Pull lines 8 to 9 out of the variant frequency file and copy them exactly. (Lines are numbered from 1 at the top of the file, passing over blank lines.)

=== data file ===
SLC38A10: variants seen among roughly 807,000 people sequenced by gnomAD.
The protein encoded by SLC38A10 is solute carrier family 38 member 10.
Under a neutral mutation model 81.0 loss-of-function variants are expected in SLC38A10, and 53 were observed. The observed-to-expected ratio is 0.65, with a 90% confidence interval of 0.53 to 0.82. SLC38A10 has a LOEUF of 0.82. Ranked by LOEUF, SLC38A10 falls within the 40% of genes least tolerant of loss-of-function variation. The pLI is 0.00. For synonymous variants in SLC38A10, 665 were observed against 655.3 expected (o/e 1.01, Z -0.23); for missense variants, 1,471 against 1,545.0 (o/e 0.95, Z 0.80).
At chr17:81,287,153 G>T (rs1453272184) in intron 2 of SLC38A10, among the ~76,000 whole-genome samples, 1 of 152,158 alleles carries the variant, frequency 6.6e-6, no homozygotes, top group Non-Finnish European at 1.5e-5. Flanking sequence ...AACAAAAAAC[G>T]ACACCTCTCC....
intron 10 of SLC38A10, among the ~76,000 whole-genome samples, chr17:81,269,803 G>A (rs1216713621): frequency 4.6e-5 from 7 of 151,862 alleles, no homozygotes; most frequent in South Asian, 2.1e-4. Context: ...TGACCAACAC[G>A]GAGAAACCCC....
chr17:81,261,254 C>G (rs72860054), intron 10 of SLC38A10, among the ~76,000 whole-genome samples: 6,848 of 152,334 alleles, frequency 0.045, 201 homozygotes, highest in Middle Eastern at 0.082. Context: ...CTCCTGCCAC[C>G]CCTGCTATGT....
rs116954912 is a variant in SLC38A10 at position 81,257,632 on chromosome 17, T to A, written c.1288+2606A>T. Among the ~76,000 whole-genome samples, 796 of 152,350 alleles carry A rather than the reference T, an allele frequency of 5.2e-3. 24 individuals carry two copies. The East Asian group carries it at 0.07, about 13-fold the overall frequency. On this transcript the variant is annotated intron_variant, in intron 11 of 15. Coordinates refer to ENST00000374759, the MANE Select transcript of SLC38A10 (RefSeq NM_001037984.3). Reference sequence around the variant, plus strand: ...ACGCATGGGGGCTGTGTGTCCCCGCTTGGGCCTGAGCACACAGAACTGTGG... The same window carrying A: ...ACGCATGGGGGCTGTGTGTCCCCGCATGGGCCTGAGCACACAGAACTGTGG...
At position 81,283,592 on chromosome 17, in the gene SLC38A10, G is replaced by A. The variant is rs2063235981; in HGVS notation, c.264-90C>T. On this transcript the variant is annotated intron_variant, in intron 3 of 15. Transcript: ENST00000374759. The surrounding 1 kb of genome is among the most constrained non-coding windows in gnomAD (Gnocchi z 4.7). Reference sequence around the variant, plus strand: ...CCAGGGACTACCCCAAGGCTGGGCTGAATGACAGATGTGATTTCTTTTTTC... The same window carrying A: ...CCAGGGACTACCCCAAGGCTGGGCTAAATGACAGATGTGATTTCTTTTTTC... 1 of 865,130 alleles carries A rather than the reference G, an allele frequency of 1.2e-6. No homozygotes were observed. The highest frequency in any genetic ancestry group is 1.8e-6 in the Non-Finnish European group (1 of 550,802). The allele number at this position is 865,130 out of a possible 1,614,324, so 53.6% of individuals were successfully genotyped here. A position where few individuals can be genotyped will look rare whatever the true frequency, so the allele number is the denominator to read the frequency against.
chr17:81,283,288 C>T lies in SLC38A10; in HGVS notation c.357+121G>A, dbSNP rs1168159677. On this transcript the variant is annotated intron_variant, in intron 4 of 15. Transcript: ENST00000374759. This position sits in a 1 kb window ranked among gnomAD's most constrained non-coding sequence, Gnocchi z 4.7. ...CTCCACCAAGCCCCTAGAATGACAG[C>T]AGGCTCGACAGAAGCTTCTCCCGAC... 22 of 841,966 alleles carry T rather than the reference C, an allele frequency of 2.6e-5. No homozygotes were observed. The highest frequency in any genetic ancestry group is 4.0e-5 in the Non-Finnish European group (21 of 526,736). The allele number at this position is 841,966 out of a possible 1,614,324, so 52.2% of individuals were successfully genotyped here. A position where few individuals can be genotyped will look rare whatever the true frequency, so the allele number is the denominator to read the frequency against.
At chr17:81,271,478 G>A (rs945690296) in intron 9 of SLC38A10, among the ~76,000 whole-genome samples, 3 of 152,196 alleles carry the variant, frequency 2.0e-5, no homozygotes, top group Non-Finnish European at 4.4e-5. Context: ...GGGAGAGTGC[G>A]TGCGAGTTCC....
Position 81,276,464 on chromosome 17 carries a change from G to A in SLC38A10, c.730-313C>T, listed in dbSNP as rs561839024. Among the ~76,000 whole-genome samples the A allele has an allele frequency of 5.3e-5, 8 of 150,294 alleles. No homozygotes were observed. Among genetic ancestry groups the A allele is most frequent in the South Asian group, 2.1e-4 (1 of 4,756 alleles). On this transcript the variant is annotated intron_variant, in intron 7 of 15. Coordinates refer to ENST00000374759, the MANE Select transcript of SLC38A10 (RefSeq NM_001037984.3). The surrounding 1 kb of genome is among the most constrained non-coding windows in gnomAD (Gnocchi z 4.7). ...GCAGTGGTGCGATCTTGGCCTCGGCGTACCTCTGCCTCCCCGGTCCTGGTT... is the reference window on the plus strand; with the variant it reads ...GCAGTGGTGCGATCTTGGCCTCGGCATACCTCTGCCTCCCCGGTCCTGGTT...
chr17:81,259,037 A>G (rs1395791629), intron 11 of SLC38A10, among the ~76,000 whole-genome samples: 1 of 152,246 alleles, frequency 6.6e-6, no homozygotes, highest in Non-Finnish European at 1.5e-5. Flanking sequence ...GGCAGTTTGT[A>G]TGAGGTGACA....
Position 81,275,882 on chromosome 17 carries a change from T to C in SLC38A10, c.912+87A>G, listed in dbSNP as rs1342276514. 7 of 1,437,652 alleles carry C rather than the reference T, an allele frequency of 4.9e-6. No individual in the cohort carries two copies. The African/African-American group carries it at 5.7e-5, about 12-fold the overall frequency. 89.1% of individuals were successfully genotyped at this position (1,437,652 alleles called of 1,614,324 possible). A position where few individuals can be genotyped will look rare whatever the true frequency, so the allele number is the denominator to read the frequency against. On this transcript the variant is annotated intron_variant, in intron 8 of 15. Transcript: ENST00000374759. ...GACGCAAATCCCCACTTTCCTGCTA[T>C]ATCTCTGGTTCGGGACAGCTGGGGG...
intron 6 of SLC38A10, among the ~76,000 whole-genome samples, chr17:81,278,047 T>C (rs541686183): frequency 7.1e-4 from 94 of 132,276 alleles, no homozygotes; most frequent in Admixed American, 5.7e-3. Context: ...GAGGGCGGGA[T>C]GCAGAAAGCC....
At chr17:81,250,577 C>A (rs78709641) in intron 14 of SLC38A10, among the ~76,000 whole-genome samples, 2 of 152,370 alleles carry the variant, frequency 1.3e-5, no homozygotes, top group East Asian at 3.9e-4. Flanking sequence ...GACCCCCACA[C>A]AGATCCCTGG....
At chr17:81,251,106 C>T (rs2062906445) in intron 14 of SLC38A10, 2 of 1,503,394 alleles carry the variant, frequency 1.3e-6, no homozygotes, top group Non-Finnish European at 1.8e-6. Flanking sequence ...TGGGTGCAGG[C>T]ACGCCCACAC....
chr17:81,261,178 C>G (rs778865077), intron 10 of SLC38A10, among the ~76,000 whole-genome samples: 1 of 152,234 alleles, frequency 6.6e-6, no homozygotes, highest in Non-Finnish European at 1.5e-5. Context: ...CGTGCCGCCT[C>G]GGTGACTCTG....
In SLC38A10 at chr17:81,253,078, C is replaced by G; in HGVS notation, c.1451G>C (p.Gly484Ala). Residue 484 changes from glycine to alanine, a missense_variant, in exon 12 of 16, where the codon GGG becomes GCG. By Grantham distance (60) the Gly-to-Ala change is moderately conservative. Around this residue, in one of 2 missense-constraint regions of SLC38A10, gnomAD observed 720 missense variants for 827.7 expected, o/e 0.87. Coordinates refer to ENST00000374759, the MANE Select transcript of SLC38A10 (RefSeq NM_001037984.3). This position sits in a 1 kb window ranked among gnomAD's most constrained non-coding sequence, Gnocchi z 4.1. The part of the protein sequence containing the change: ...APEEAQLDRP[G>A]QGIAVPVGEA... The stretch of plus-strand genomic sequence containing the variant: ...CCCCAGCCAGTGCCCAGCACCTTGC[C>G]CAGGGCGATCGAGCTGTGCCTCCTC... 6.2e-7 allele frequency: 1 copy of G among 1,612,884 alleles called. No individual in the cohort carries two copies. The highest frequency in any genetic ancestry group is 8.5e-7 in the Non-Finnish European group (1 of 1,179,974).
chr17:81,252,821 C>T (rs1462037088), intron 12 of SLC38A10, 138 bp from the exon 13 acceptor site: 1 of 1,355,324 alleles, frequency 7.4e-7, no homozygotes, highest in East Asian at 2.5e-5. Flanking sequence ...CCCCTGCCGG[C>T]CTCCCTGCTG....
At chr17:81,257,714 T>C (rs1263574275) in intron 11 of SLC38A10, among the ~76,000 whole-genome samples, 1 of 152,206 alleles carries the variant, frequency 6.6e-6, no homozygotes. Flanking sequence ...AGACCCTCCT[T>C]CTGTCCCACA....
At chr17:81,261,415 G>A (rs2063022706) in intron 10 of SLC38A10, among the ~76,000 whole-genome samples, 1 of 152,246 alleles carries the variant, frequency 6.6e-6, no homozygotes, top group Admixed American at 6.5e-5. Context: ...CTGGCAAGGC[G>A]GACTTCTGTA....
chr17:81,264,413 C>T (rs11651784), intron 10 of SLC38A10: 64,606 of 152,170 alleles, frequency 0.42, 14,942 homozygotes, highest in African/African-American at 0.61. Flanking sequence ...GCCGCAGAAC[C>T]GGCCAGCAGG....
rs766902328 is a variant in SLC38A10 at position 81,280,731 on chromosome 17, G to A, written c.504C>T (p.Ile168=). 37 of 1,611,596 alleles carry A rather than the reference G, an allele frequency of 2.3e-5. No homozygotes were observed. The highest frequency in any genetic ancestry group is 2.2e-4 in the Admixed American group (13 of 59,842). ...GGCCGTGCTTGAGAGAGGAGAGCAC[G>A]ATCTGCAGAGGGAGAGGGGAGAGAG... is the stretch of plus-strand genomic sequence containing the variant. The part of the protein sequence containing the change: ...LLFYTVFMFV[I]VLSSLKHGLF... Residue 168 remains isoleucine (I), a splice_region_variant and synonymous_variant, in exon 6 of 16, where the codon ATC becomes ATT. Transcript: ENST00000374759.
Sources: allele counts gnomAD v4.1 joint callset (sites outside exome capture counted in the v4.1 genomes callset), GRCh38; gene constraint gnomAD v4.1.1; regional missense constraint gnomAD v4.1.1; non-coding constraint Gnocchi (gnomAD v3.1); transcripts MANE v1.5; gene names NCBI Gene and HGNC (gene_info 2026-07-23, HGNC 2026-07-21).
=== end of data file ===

At position 81,283,592 on chromosome 17, in the gene SLC38A10, G is replaced by A. The variant is rs2063235981; in HGVS notation, c.264-90C>T. On this transcript the variant is annotated intron_variant, in intron 3 of 15. Transcript: ENST00000374759. The surrounding 1 kb of genome is among the most constrained non-coding windows in gnomAD (Gnocchi z 4.7). Reference sequence around the variant, plus strand: ...CCAGGGACTACCCCAAGGCTGGGCTGAATGACAGATGTGATTTCTTTTTTC... The same window carrying A: ...CCAGGGACTACCCCAAGGCTGGGCTAAATGACAGATGTGATTTCTTTTTTC... 1 of 865,130 alleles carries A rather than the reference G, an allele frequency of 1.2e-6. No homozygotes were observed. The highest frequency in any genetic ancestry group is 1.8e-6 in the Non-Finnish European group (1 of 550,802). The allele number at this position is 865,130 out of a possible 1,614,324, so 53.6% of individuals were successfully genotyped here. A position where few individuals can be genotyped will look rare whatever the true frequency, so the allele number is the denominator to read the frequency against.
chr17:81,283,288 C>T lies in SLC38A10; in HGVS notation c.357+121G>A, dbSNP rs1168159677. On this transcript the variant is annotated intron_variant, in intron 4 of 15. Transcript: ENST00000374759. This position sits in a 1 kb window ranked among gnomAD's most constrained non-coding sequence, Gnocchi z 4.7. ...CTCCACCAAGCCCCTAGAATGACAG[C>T]AGGCTCGACAGAAGCTTCTCCCGAC... 22 of 841,966 alleles carry T rather than the reference C, an allele frequency of 2.6e-5. No homozygotes were observed. The highest frequency in any genetic ancestry group is 4.0e-5 in the Non-Finnish European group (21 of 526,736). The allele number at this position is 841,966 out of a possible 1,614,324, so 52.2% of individuals were successfully genotyped here. A position where few individuals can be genotyped will look rare whatever the true frequency, so the allele number is the denominator to read the frequency against.